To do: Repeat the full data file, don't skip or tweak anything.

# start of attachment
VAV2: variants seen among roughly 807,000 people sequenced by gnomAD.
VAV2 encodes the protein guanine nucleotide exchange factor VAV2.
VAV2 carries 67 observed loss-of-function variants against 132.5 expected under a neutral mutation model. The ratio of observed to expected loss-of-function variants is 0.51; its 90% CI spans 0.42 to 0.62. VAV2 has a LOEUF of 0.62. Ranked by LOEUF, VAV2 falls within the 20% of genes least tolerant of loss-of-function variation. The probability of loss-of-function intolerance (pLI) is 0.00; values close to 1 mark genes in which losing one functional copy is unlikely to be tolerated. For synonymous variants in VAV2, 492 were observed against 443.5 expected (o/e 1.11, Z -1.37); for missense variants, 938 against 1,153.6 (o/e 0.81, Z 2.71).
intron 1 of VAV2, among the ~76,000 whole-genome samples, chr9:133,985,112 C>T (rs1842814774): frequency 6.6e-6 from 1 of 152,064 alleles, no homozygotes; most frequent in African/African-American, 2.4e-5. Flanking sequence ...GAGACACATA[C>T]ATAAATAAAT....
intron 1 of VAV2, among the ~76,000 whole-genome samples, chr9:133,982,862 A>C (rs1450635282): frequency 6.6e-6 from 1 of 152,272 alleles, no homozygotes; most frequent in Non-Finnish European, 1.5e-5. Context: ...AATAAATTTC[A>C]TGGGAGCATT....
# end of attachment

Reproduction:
VAV2: variants seen among roughly 807,000 people sequenced by gnomAD.
VAV2 encodes the protein guanine nucleotide exchange factor VAV2.
VAV2 carries 67 observed loss-of-function variants against 132.5 expected under a neutral mutation model. The ratio of observed to expected loss-of-function variants is 0.51; its 90% CI spans 0.42 to 0.62. VAV2 has a LOEUF of 0.62. Ranked by LOEUF, VAV2 falls within the 20% of genes least tolerant of loss-of-function variation. The probability of loss-of-function intolerance (pLI) is 0.00; values close to 1 mark genes in which losing one functional copy is unlikely to be tolerated. For synonymous variants in VAV2, 492 were observed against 443.5 expected (o/e 1.11, Z -1.37); for missense variants, 938 against 1,153.6 (o/e 0.81, Z 2.71).
intron 1 of VAV2, among the ~76,000 whole-genome samples, chr9:133,985,112 C>T (rs1842814774): frequency 6.6e-6 from 1 of 152,064 alleles, no homozygotes; most frequent in African/African-American, 2.4e-5. Flanking sequence ...GAGACACATA[C>T]ATAAATAAAT....
intron 1 of VAV2, among the ~76,000 whole-genome samples, chr9:133,982,862 A>C (rs1450635282): frequency 6.6e-6 from 1 of 152,272 alleles, no homozygotes; most frequent in Non-Finnish European, 1.5e-5. Context: ...AATAAATTTC[A>C]TGGGAGCATT....